Gingerbread Cookies


Emily Press, Food Blogger

Gingerbread cookies, or the kind we recognize today as emblems of the holiday season, became a tradition in Medieval Europe. They were popular among royalty–Elizabeth I was one of the first to popularize human shapes: she had miniature versions of visiting foreign dignitaries made, decorated with gold leaf. The cookies quickly trickled down to the lower classes, and remained symbols of elegance and luxury. The first gingerbread houses were made in Germany, and immortalized by the tale of Hansel and Gretel in 1812. These became extremely popular in the colonies–Europeans settlers brought the tradition with them to the New World. The first American cookbook Amelia Simmons’s American Cookery has numerous versions of gingerbread. Interestingly, molasses, found in most gingerbread recipes today, became a popular ingredient in the colonies, as it was much cheaper than sugar.

Christmas is the only time of year my family eats gingerbread cookies. Something about saving them for this one holiday makes them more special–it’s the same thing with my grandmother’s molasses cookies and the William Sonoma’s Peppermint Bark.

I’ve eaten my fair share of gingerbread, but until this year I had never actually made the cookies myself. They are surprisingly simple to make and really fun to shape and decorate. I made hearts, trees, and snowflakes, but you can also roll the dough into thin logs and make words and letters (my grandma showed me how to make initials this way with some of the leftover dough a few days later).

The first step for this recipe is to melt the shortening, brown sugar, and molasses and bring back to room temp. Once cooled, baking soda and a little bit of water are added, starting a chemical reaction akin to a mini science fair volcano. The baking soda (sodium bicarbonate, or NaHCO3) is a base, and the molasses is slightly acidic. When the two are combined in the melted liquid medium, they react to form CO2 salt and water (acid base neutralization). **Make sure to melt and combine these initial ingredients in a large pan to prevent the contents from foaming over.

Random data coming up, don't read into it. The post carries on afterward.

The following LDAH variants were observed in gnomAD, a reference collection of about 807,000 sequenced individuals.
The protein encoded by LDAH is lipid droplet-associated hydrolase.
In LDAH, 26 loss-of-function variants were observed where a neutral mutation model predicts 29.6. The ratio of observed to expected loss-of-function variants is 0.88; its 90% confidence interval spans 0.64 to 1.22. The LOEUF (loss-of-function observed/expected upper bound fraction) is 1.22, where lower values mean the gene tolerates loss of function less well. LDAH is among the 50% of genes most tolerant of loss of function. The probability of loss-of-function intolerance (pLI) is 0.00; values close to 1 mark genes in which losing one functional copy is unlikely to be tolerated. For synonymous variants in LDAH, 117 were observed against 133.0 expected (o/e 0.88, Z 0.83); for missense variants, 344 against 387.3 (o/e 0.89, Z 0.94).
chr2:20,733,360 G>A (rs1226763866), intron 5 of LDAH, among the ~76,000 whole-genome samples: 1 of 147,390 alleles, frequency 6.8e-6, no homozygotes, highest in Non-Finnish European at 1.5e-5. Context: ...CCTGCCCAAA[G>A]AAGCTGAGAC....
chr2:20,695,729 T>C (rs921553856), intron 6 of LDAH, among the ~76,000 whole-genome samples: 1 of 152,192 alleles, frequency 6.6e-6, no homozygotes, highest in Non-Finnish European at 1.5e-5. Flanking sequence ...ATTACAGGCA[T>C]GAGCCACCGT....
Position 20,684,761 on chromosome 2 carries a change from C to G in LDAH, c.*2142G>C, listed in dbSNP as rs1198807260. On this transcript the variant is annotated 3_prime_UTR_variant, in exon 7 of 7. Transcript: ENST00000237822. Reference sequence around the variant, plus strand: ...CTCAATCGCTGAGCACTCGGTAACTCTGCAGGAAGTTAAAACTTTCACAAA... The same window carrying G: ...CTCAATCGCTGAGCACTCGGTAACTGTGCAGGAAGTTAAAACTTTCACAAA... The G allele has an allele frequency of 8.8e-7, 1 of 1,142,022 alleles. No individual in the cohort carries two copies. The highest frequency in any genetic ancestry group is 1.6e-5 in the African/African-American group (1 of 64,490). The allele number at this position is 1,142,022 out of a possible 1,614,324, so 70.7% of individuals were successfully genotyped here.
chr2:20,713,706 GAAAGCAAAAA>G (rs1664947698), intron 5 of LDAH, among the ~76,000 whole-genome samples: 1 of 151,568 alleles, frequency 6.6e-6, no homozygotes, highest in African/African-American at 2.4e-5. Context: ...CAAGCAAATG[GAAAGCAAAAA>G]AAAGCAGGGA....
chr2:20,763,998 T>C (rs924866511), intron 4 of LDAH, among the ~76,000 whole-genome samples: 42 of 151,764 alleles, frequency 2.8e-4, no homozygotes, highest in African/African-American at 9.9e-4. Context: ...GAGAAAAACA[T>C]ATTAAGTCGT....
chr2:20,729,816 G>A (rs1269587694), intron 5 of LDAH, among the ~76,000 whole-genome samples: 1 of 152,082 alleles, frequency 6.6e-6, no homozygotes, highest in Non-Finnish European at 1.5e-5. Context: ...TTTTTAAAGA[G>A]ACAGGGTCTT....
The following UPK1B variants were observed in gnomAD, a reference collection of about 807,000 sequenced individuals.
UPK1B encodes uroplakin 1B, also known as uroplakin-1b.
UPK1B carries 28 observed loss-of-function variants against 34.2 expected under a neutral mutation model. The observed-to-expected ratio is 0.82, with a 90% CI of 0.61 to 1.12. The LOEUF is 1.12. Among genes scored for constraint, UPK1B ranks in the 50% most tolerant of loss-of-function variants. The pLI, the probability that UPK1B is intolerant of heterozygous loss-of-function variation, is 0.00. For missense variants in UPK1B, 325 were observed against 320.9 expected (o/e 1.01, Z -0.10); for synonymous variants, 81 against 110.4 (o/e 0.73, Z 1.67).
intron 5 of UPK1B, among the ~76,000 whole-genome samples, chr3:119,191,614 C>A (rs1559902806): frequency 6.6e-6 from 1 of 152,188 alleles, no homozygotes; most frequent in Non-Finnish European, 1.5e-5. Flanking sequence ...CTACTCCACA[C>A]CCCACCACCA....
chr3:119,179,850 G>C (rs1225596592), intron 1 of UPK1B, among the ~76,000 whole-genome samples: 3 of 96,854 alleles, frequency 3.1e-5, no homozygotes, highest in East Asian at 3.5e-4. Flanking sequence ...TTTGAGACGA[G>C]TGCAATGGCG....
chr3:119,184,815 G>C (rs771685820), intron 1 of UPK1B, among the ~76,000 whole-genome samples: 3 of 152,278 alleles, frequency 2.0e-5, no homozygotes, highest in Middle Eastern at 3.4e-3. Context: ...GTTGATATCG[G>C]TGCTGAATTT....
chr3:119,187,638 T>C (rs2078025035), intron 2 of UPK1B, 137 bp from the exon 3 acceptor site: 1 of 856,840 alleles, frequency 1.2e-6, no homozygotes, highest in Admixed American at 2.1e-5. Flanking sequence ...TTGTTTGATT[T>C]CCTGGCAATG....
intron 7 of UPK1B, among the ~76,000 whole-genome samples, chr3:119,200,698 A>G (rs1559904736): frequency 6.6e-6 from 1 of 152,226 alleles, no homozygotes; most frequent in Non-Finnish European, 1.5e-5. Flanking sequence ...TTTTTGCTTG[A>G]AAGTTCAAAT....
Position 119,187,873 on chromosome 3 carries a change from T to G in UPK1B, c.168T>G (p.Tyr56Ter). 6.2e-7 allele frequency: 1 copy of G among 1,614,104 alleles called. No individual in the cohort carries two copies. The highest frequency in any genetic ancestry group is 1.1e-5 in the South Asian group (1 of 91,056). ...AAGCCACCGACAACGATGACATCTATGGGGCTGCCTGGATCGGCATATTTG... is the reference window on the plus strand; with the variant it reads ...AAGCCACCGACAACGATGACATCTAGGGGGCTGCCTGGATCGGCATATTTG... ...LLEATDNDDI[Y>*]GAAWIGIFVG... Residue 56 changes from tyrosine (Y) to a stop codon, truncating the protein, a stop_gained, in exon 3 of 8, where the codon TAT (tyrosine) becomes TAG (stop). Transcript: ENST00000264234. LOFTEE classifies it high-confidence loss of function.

The rest of the dough-making process is relatively simple. All that’s left to do once you combine the dry ingredients, and set aside the dough to rest for a few hours, is to make the royal icing. Simply beat egg whites and vanilla until very stiff peaks form (see this link for an explanation), then add the powdered sugar until you get the right thick, slightly glossy consistency.

The recipe for the gingerbread base was adapted from this recipe from the Times, and the icing from Alton’s Brown’s recipe on the Food Network website.



The Dough:

1      cup light brown sugar
1      cup light molasses
1      cup vegetable shortening
1      tbsp. baking soda
1      egg
¼   tsp salt
2     tsps baking powder
1      tbsp ground ginger
½   tsp ground cinnamon
4     generous cups all-purpose flour, more for rolling

The Icing:

3    ounces egg whites (approximately 2 large eggs)
1    tsp vanilla
4   cups confectioner’s sugar



1. Combine sugar, molasses and vegetable shortening in a large pan and melt on low heat until all components are completely dissolved. Remove from heat.

2. Add ¼ cup water and the baking soda to the mixture and stir vigorously. Allow mixture to come to room temperature.

3. In the bowl of a mixer, combine the egg, salt, ginger, cinnamon, and baking powder. Add in the cooled mixture from the previous step and mix well. Add the flour cup by cup.


4. Place the dough in the refrigerator for a few hours (at least 2).


5. When ready to bake, preheat the oven to 350°. In the bowl of a mixer, combine the egg whites and vanilla. Beat on high until stiff peaks form.


6. Mix in the confectioner’s sugar. The final product should be a viscous, glossy icing. If too runny, add more confectioners’ sugar. If too dull, try adding a bit of corn syrup.

7. Transfer icing to a piping bag, or a plastic bag with the corner cut off.

8. Roll out the dough on a floured surface to about a ¼ inch thickness. Cut into desired shapes and lay onto parchment paper-lined baking trays.

9. Bake 9-10 minutes, or until edges just begin to brown. Allow cookies to come to room temp as icing rests.

10. Ice cookies and enjoy.


The Recipe